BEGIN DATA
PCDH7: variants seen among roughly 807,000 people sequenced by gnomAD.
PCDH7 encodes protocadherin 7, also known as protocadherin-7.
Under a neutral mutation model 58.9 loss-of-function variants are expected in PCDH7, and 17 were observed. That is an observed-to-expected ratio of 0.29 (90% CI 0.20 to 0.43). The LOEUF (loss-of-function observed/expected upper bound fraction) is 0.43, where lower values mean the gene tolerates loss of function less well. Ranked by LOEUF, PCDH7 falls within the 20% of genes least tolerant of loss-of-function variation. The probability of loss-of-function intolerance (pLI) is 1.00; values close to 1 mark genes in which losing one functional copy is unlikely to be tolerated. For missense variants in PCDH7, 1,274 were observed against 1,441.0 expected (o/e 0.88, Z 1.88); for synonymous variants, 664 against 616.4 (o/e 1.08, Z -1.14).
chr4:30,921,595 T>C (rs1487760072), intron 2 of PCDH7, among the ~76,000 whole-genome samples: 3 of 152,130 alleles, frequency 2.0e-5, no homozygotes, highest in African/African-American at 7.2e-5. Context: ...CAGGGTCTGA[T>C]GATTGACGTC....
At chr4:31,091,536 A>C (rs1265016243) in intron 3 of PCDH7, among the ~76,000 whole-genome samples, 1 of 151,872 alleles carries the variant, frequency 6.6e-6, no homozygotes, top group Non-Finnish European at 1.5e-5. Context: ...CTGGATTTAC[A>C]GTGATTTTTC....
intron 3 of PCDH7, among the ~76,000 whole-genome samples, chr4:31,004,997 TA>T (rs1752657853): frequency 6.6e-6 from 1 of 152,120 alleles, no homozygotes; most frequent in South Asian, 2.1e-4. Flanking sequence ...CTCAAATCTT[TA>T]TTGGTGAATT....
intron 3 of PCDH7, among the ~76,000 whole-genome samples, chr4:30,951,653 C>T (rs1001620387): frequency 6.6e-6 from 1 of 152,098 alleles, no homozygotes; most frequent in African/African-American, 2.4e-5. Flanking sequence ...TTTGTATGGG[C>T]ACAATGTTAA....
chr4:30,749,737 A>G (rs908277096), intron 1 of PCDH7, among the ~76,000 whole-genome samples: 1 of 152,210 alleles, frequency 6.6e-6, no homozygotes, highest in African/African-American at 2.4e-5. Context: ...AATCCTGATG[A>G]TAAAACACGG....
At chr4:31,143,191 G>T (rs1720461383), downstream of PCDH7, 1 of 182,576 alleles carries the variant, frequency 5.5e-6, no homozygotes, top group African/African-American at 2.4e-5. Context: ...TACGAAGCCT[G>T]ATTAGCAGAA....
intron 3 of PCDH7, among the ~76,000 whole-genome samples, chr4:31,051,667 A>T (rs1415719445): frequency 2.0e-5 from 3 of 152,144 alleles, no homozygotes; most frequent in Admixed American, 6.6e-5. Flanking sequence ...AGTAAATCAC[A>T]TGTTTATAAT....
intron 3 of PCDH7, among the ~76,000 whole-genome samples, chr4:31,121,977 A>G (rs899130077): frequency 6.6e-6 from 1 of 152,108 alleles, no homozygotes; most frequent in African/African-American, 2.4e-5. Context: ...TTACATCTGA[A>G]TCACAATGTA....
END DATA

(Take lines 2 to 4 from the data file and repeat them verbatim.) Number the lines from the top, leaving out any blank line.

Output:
PCDH7 encodes protocadherin 7, also known as protocadherin-7.
Under a neutral mutation model 58.9 loss-of-function variants are expected in PCDH7, and 17 were observed. That is an observed-to-expected ratio of 0.29 (90% CI 0.20 to 0.43). The LOEUF (loss-of-function observed/expected upper bound fraction) is 0.43, where lower values mean the gene tolerates loss of function less well. Ranked by LOEUF, PCDH7 falls within the 20% of genes least tolerant of loss-of-function variation. The probability of loss-of-function intolerance (pLI) is 1.00; values close to 1 mark genes in which losing one functional copy is unlikely to be tolerated. For missense variants in PCDH7, 1,274 were observed against 1,441.0 expected (o/e 0.88, Z 1.88); for synonymous variants, 664 against 616.4 (o/e 1.08, Z -1.14).
chr4:30,921,595 T>C (rs1487760072), intron 2 of PCDH7, among the ~76,000 whole-genome samples: 3 of 152,130 alleles, frequency 2.0e-5, no homozygotes, highest in African/African-American at 7.2e-5. Context: ...CAGGGTCTGA[T>C]GATTGACGTC....